Space vehicle exhibitions are back, and they’re picking up speed after the massive slowdown during the Covid-19 pandemic. New technology and new designs for CubeSats, microsats, nanosats, and more are bringing new life to this burgeoning sector.
With the ever-increasing demand for space-based technology services, more and more companies are entering the near-space space race.
The advantages and uses of space-based technology are countless. For instance, satellites are becoming important for everything from border protection and precision agriculture to internet connectivity and archaeological research.
At the moment, there are close to 6,000 satellites orbiting the Earth, and according to the 2021 report “Satellites to be Built and Launched by 2028″ by market intelligence firm Euroconsult, 990 new satellites will be launched every year, meaning there may be 15,000 satellites in orbit by 2028.
Commercial satellites join the race to space
In July 2020, the FCC granted approval for Amazon to launch and operate an internet constellation of 3,236 satellites, and so with the tech giant’s proposed entry into the satellite lofting business, the space race is continuing to widen and speed up at the same time.
Sailors have long been using the stars for navigation, but now satellites have taken this and other tasks over by carrying technologies like Global Positioning System (GPS), several navigation systems, and other communications and monitoring applications.
Commercial communications satellites support everything from satellite TV and Internet of Things (IoT) connectivity to the global internet and Earth Observation (EO) purposes, which include environmental monitoring and border security.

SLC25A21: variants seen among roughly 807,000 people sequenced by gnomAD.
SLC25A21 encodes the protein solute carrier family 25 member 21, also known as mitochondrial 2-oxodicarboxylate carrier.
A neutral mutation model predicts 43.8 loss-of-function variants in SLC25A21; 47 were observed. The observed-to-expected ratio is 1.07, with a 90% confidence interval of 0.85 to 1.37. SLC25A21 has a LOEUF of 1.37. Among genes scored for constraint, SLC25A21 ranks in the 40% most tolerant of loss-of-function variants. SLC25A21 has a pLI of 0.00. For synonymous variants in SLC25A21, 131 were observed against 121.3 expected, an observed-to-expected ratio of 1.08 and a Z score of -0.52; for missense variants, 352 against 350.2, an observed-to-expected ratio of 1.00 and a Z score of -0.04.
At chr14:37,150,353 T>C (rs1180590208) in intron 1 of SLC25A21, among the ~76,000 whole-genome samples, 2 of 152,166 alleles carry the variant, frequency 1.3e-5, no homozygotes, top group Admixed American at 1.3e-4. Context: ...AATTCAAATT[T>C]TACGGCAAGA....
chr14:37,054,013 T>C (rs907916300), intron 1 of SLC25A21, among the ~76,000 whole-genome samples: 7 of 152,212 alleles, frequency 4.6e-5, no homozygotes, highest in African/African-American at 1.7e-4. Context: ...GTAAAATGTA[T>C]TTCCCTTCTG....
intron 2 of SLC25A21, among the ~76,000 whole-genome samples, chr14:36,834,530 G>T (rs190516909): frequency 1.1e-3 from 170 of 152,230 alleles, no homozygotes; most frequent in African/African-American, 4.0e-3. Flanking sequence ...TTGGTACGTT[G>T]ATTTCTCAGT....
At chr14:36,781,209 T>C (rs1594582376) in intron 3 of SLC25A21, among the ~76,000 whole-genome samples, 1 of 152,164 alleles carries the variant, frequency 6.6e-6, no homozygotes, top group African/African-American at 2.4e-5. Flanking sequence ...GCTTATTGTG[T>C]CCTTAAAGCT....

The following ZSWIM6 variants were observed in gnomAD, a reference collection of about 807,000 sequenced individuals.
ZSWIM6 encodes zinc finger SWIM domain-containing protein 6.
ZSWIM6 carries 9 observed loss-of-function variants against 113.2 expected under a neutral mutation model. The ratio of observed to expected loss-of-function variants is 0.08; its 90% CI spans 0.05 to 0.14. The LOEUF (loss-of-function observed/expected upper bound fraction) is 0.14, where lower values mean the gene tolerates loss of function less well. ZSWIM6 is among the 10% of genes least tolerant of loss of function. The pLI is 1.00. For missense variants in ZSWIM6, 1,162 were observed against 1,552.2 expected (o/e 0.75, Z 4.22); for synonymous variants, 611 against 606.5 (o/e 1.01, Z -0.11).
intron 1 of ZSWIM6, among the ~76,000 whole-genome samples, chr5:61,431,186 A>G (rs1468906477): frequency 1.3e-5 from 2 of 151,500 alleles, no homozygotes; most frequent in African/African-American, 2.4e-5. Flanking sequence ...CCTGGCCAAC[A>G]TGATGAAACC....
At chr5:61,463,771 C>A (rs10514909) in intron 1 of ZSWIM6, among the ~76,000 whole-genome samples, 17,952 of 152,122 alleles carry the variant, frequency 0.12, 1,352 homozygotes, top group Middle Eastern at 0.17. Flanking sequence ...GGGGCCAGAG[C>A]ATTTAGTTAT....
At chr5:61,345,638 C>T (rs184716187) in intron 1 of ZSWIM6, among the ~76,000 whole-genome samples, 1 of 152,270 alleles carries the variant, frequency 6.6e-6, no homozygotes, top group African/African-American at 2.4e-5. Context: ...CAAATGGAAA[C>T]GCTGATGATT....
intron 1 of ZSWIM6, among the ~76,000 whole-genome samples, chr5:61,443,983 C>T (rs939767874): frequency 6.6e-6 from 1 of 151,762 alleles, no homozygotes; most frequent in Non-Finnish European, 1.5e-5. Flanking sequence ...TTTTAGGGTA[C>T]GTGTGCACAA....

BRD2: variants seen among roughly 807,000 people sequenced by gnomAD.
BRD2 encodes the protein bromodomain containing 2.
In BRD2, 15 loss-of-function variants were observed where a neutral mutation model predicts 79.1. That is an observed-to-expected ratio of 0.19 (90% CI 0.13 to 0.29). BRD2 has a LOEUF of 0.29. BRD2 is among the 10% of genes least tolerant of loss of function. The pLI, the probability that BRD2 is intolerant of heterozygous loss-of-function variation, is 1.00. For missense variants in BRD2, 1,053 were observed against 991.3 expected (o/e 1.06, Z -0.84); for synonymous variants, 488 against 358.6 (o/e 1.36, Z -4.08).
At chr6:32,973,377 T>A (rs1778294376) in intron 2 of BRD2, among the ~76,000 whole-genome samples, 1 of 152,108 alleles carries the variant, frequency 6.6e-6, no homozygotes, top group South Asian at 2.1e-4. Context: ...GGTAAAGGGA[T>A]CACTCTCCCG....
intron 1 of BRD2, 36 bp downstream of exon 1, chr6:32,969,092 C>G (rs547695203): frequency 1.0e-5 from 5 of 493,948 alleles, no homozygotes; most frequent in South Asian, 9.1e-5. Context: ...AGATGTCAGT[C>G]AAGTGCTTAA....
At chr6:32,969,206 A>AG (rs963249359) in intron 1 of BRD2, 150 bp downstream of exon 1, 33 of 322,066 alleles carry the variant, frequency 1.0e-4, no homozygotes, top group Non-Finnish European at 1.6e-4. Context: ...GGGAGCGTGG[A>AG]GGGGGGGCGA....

The United States, China, and Russia top the list of countries with operational satellites, as the original space race was a nationalistic competition between Cold War rivals.
The new space race, however, is collaborative and commercialised. National, international, and supra-national cooperation underpins and supports satellite deployments and research into a variety of space-based sciences.
The first satellite in space, Russia’s Sputnik 1, launched in 1957, was an aluminium ball nearly 6 metres across, and in the following USA lofted Explorer 1, which was nearly 4 metres long. Satellites today, however, need to be small, dense with technical capability and lightweight (comparatively), to reduce costs.
The price of launching a kilogramme into orbit averaged US$18,500 between 1970 and 2000, remaining largely constant. When the space shuttle was in use, it cost $1.5 billion, or $54,500 per kilogramme, to launch a cargo weighing 27,500 kilos. The price per kilogramme for a SpaceX Falcon 9, the rocket utilised to reach the ISS, was only $2,720.
Omnetics return to satellite conferences
In addition to satellite conferences that have already taken place this year, Omnetics will be at the upcoming Space Tech Expo|Europe on 15-17 November in Bremen Germany. Omnetics will be exhibiting at stand F-11 available for answering questions and demonstrating the latest products.
Scott Unzen, Director, Marketing & Market Development at Omnetics, told us, “The Small Satellite Conference, an international gathering of the small satellite community from the military, commercial, scientific, and academic sectors, has been taking place at Utah State University in Logan, UT, for more than 30 years.